Monday, April 28, 2014

The Poet's New Adventure

Luci Shaw is one of our favorite poets. We have followed her from Listen to the Green (1971) through A Widening Light (1984 in which she served as editor and poet), Polishing the Petoskey Stone (1990), and The Angles of Light (2000), as well as many other of her books of memorable poetry. At first, I thought her new book would be another enjoyable feast of poetry but the title invites us to an Adventure of Ascent, Field Notes from a Lifelong Journey, from “Ah, Luci, what are you planning for us today,” I thought as I opened this new treasure. And I soon found that it is that, a treasure to keep near, and to think about in our own situations, challenges, joys and sorrows, as we continue on our journeys to the end of our lives here on earth and in future.

Now in her eighties and as active as ever, Luci has a goal. She plans to keep on growing and to share her adventures with us, to “act as a scout” actually, and to move through new territory and to report back to all of us so that we may know what it’s like for her and for us, what to expect, and how to deal with whatever comes to us. Her poetry is there among her thoughts and plans and sharing of stories. Her purpose is to “document her life as it travels toward the summit.” To be really honest and to “shed a clean light on what it’s like to be edging, inevitably, toward....?” Who knows what?

She says she will be asking lots of questions, lots of whys, whens, wheres and hows. Not new questions but she will ask for her own personal answers, thinking maybe we will profit from thinking about them as well. I admit I did learn from this dear poet and woman I call friend because of her words, her concerns, her openness, her sharing. Some of her questions I hadn’t even begun to think about nor try to answer. But, I will. Thanks, Luci.

Her thoughts on “downsizing” were helpful. It’s something most of us probably need to do at a certain time. Hard to do though. What to do with favorite stones and pottery and books? She reminds us that “where your treasure is, there will your heart be also” (Matt. 6:21). Yes, and those we love are really our treasures. And “they are not going away,” Luci says.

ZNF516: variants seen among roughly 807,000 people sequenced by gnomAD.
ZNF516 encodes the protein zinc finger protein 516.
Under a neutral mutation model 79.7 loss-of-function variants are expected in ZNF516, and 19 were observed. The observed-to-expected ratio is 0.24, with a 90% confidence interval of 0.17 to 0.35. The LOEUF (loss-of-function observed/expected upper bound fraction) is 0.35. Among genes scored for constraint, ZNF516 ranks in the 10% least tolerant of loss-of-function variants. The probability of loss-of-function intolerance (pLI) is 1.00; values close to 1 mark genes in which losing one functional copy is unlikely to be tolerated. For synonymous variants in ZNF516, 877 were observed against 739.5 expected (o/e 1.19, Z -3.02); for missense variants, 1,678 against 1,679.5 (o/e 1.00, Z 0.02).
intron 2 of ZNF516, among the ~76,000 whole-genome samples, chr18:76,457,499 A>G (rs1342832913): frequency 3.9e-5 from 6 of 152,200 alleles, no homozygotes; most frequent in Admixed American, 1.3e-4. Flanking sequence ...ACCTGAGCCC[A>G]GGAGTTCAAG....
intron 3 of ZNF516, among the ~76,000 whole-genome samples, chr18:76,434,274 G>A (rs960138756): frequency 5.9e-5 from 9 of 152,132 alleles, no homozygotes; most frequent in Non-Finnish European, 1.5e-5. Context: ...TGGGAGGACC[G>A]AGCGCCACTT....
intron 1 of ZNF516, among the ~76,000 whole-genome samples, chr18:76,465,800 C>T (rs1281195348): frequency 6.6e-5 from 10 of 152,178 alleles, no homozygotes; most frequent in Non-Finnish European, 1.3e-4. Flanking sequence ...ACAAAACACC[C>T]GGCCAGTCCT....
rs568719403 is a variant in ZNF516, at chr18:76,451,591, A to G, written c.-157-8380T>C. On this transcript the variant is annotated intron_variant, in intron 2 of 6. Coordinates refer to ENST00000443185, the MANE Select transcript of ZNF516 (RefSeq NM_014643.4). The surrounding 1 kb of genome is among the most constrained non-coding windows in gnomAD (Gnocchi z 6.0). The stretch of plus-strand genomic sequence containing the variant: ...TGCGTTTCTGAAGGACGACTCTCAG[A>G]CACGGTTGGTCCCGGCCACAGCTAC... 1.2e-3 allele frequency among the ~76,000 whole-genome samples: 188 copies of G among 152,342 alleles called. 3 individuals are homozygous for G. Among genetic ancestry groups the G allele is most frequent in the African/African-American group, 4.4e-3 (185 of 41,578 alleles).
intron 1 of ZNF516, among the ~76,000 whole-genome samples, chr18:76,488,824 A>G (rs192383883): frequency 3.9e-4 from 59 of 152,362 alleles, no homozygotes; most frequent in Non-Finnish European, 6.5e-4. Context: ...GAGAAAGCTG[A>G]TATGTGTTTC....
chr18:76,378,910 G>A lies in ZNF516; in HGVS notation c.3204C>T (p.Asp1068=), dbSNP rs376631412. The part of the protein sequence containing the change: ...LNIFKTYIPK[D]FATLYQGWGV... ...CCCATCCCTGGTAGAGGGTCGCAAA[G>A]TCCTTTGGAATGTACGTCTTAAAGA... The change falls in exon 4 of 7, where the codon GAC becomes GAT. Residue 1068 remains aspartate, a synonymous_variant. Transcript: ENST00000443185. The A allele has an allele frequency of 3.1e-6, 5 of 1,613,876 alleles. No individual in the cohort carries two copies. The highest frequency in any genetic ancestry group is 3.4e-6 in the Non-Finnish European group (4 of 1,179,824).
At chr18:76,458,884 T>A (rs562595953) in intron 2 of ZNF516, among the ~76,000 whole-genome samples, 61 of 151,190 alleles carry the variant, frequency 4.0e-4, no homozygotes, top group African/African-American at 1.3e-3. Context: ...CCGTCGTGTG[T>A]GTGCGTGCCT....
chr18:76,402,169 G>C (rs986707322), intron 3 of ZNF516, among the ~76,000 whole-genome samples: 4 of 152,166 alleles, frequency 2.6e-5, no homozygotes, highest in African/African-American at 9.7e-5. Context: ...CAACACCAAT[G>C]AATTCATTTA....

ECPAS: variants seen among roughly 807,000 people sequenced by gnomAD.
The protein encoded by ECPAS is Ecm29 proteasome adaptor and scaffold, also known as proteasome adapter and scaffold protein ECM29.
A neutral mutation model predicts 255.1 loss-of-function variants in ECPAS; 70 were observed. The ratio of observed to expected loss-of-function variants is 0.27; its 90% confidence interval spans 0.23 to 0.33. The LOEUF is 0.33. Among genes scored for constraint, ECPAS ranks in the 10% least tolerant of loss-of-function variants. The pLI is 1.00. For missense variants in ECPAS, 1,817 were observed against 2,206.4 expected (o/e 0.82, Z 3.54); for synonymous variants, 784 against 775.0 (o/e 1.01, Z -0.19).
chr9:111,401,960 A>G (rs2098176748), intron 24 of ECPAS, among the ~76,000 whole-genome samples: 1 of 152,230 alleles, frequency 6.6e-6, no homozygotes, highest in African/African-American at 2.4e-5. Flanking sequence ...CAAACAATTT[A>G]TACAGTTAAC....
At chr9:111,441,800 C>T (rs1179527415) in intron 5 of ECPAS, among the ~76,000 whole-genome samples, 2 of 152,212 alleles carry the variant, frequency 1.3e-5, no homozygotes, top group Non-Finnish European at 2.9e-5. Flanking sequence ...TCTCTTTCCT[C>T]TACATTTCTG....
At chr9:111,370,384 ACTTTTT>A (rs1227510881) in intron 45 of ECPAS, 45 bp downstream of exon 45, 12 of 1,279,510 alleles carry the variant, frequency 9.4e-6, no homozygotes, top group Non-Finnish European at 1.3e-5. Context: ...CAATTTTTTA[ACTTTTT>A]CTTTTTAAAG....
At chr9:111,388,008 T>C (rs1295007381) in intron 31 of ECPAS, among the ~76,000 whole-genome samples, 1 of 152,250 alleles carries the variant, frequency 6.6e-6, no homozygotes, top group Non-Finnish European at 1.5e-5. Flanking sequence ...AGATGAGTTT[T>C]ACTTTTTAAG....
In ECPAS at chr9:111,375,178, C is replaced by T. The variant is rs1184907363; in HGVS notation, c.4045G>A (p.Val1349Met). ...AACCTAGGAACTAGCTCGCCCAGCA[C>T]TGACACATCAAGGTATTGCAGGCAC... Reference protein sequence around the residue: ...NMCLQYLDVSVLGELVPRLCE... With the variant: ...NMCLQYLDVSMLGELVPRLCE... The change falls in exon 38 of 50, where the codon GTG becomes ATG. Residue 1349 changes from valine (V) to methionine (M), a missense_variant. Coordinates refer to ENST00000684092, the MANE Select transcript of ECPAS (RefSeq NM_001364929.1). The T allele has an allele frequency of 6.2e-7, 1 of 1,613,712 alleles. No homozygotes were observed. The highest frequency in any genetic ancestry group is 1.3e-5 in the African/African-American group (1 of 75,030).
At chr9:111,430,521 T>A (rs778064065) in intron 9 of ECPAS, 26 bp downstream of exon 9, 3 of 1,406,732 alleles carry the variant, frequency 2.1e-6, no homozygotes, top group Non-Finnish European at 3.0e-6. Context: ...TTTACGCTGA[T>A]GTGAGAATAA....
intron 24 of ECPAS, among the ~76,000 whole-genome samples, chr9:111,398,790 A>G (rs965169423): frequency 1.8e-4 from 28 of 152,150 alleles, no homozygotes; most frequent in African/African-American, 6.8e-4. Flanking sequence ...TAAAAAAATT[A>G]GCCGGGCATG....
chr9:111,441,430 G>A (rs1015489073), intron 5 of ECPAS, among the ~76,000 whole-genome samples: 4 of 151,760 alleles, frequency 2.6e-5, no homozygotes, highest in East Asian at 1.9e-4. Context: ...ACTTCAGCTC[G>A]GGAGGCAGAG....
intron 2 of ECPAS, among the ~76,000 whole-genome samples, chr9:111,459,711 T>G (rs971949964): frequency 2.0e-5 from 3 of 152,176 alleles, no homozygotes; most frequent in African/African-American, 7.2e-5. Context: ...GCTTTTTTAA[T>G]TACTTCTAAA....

Luci is guessing “about future possibilities.” She feels gratitude for all she has been given, and she quotes “Bless the Lord, O my soul, and all that is within me, bless his holy name” (Ps. 103:1). Luci admits her “future is a surprise package full of questions without answers.” Her book ends with a poem, of course, as she asks: “when you go, will you go with a sizzle, or a sigh, will you leave with a bang, or quietly clinging, or will your bud of burning a wider light?”

—Lois Sibley

Friday, April 11, 2014

The Heart of Christian Faith

Alister E. McGrath is Professor of Theology, Ministry, and Education and Head of the Centre for Theology, Religion, and Culture at King’s College, London, and a prolific author. I have reviewed a number of his books over the last 20 years, and I have never been disappointed. Most recently, on November 1, 2013, on this blog, I reviewed McGrath’s bio of C. S. Lewis, published by Tyndale and called C. S. Lewis, a Life.

This time, McGrath is planning a five-book series to be called The Heart of Christian Faith. The first volume is called Faith and Creeds, A Guide for Study and Devotion, and is available now from McGrath begins by asking a basic question: What do Christians believe and why? And what difference does it make? He plans to explore basic themes of a “simple and genuinely Christian faith,” and he is writing primarily for “ordinary “ Christians like you and me. I know his writing and I am already convinced that I will like what he says and what he is doing with this series. And you may want to pay attention, too.

In this first volume, he plans to draw on the earlier writing of “three of the great lay theologians of the twentieth century.” That would be, of course, G. K. Chesterton, C. S. Lewis, and Dorothy L. Sayers. But before he brings them in, he explains how he himself in his growing-up years, as one who loved science and still does, was drawn into an “inflexible atheism,” and he counted himself one of those “intellectual and cultural elite, who knew there was no God, no meaning, no purpose. Only fools believed otherwise,” he thought then.

But now he is learning to look at “the big picture,” to realize we are all on a journey, trying to make sense of the world we live in. Perhaps we could find a “core theme” that would help us realize that this world is not our home. “If nothing in this world really satisfies us,” maybe deep down we know “that our heart’s desire is anchored elsewhere.” Let’s look and see what we can discover, he says. Let’s look at the map, the lens and the light, he says, and see what we can learn. Then he talks about faith, belief, and creeds.

McGrath encourages us to “step into the big picture,” and ask ourselves: “Why do we think this is true; How can we make sense of it and best explain it; and What difference does it make in the way we live our lives? There is a lot to think about here. Alister McGrath is the guide we need as we consider together the opening words of the creeds: “I believe.... we believe.....” Come join us in McGrath’s new series, The Heart of Christian Faith. Volume 2 is called The Living God.

—Lois Sibley